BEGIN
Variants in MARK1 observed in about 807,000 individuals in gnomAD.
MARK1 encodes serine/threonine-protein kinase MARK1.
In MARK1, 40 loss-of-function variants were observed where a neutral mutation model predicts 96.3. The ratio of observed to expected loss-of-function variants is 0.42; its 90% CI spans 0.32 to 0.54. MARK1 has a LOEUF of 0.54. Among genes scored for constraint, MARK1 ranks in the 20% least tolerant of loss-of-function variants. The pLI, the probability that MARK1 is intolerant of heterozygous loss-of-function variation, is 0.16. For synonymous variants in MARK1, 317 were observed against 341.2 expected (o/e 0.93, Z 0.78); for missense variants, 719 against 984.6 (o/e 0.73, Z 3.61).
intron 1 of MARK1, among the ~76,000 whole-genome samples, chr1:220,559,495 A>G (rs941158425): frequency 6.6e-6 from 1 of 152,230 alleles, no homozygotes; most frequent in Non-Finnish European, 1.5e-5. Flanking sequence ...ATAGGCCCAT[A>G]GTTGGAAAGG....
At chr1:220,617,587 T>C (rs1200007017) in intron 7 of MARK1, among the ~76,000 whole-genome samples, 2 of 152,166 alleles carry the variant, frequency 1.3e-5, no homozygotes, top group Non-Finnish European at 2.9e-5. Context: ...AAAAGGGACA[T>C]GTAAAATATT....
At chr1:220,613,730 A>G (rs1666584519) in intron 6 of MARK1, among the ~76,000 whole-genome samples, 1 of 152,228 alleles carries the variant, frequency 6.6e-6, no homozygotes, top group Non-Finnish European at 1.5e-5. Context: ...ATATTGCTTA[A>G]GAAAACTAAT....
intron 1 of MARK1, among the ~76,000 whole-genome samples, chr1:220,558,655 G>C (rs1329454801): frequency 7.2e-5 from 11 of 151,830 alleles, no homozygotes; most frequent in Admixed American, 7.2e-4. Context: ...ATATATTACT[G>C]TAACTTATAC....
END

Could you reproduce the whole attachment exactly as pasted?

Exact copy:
Variants in MARK1 observed in about 807,000 individuals in gnomAD.
MARK1 encodes serine/threonine-protein kinase MARK1.
In MARK1, 40 loss-of-function variants were observed where a neutral mutation model predicts 96.3. The ratio of observed to expected loss-of-function variants is 0.42; its 90% CI spans 0.32 to 0.54. MARK1 has a LOEUF of 0.54. Among genes scored for constraint, MARK1 ranks in the 20% least tolerant of loss-of-function variants. The pLI, the probability that MARK1 is intolerant of heterozygous loss-of-function variation, is 0.16. For synonymous variants in MARK1, 317 were observed against 341.2 expected (o/e 0.93, Z 0.78); for missense variants, 719 against 984.6 (o/e 0.73, Z 3.61).
intron 1 of MARK1, among the ~76,000 whole-genome samples, chr1:220,559,495 A>G (rs941158425): frequency 6.6e-6 from 1 of 152,230 alleles, no homozygotes; most frequent in Non-Finnish European, 1.5e-5. Flanking sequence ...ATAGGCCCAT[A>G]GTTGGAAAGG....
At chr1:220,617,587 T>C (rs1200007017) in intron 7 of MARK1, among the ~76,000 whole-genome samples, 2 of 152,166 alleles carry the variant, frequency 1.3e-5, no homozygotes, top group Non-Finnish European at 2.9e-5. Context: ...AAAAGGGACA[T>C]GTAAAATATT....
At chr1:220,613,730 A>G (rs1666584519) in intron 6 of MARK1, among the ~76,000 whole-genome samples, 1 of 152,228 alleles carries the variant, frequency 6.6e-6, no homozygotes, top group Non-Finnish European at 1.5e-5. Context: ...ATATTGCTTA[A>G]GAAAACTAAT....
intron 1 of MARK1, among the ~76,000 whole-genome samples, chr1:220,558,655 G>C (rs1329454801): frequency 7.2e-5 from 11 of 151,830 alleles, no homozygotes; most frequent in Admixed American, 7.2e-4. Context: ...ATATATTACT[G>C]TAACTTATAC....